Paul Keating’s intervention during the 1996 election campaign when he claimed that Asian leaders wouldn’t deal with John Howard is almost universally recognised as a big mistake. Of course, a lot of odd things are said on the hustings – well, that is to say, impromptu odd things as opposed to the repetition of odd mantras like “Ease the Squeeze” and “We will determine who comes into this country”. Even political commentators who regularly scored every day of the 2004 election campaign as a “win” for the Coalition admitted that John Howard’s attempted wedge of Latho by loudly claiming that Australia reserved its right to make a pre-emptive strike against Asian nations who might be harbouring terrorists was a big mistake. A mistake compounded by Alexander Downer, who – quite in contrast to the Fortress Australia line – tried to soften the blow by saying he was quite cool with Indonesia bombing us if we were harbouring terrorists. Shortly after the election, Howard was seen to have junked this odd position.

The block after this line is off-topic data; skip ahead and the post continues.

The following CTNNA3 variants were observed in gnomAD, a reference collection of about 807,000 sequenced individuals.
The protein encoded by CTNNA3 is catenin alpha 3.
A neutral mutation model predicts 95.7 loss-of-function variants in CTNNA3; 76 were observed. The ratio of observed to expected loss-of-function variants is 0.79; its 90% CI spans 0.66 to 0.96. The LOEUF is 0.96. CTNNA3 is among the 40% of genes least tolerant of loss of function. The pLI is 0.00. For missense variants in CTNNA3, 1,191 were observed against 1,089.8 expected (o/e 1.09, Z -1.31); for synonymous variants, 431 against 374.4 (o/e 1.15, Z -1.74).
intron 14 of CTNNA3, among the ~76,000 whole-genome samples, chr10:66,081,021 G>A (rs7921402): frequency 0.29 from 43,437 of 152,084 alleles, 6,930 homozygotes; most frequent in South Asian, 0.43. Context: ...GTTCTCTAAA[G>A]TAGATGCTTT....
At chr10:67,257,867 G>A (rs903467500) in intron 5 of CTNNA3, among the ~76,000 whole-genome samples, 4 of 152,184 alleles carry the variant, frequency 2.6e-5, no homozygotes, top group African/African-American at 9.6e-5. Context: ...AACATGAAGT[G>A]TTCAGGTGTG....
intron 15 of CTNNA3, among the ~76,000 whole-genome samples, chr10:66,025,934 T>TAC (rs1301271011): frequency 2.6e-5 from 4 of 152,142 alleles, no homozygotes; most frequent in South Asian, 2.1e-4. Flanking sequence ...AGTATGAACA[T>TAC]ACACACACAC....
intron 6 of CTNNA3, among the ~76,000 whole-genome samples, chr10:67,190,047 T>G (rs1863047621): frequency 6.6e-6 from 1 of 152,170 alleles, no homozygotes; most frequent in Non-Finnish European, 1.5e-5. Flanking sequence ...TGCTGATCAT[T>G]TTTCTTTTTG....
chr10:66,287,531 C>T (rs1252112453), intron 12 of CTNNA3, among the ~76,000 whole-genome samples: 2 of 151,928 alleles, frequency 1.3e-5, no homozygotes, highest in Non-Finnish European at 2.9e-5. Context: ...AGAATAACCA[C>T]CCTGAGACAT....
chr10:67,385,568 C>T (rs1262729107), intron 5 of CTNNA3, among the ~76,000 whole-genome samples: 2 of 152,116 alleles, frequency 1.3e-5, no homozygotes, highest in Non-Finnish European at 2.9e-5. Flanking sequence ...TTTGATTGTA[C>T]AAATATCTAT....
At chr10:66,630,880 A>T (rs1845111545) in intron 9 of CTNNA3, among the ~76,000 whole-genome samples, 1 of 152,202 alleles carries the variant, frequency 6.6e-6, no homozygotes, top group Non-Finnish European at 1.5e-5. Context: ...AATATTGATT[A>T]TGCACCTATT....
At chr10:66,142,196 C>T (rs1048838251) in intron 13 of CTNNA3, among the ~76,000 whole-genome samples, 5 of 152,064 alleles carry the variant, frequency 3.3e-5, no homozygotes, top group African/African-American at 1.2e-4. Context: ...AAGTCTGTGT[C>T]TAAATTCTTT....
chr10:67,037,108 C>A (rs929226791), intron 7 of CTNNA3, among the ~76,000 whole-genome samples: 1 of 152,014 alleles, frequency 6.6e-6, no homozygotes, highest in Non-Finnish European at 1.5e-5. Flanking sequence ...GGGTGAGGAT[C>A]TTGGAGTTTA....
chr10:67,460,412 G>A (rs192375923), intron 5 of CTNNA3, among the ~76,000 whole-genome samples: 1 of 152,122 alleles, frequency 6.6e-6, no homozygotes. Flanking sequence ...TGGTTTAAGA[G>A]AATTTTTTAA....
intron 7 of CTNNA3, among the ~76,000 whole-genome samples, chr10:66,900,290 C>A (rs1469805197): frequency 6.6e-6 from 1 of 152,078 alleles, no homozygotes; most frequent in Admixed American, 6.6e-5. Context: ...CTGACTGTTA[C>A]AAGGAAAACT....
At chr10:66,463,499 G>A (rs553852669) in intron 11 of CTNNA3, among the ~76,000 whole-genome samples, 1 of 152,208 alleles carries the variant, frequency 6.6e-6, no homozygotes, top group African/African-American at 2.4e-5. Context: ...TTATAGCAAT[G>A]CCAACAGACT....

But, in the wake of his pow-wow in a poncho in Chile with Dubya, our fearless leader is now refusing to sign a non-aggression pact with ASEAN nations in the name of pre-emption. Given that Australia has had to fight long and hard to even get a seat at the ASEAN table, and that crucial free trade area negotiations are to take place at the upcoming ASEAN summit in Vientiane, is this wise? Did we really vote for a steady hand on the tiller in times of trouble?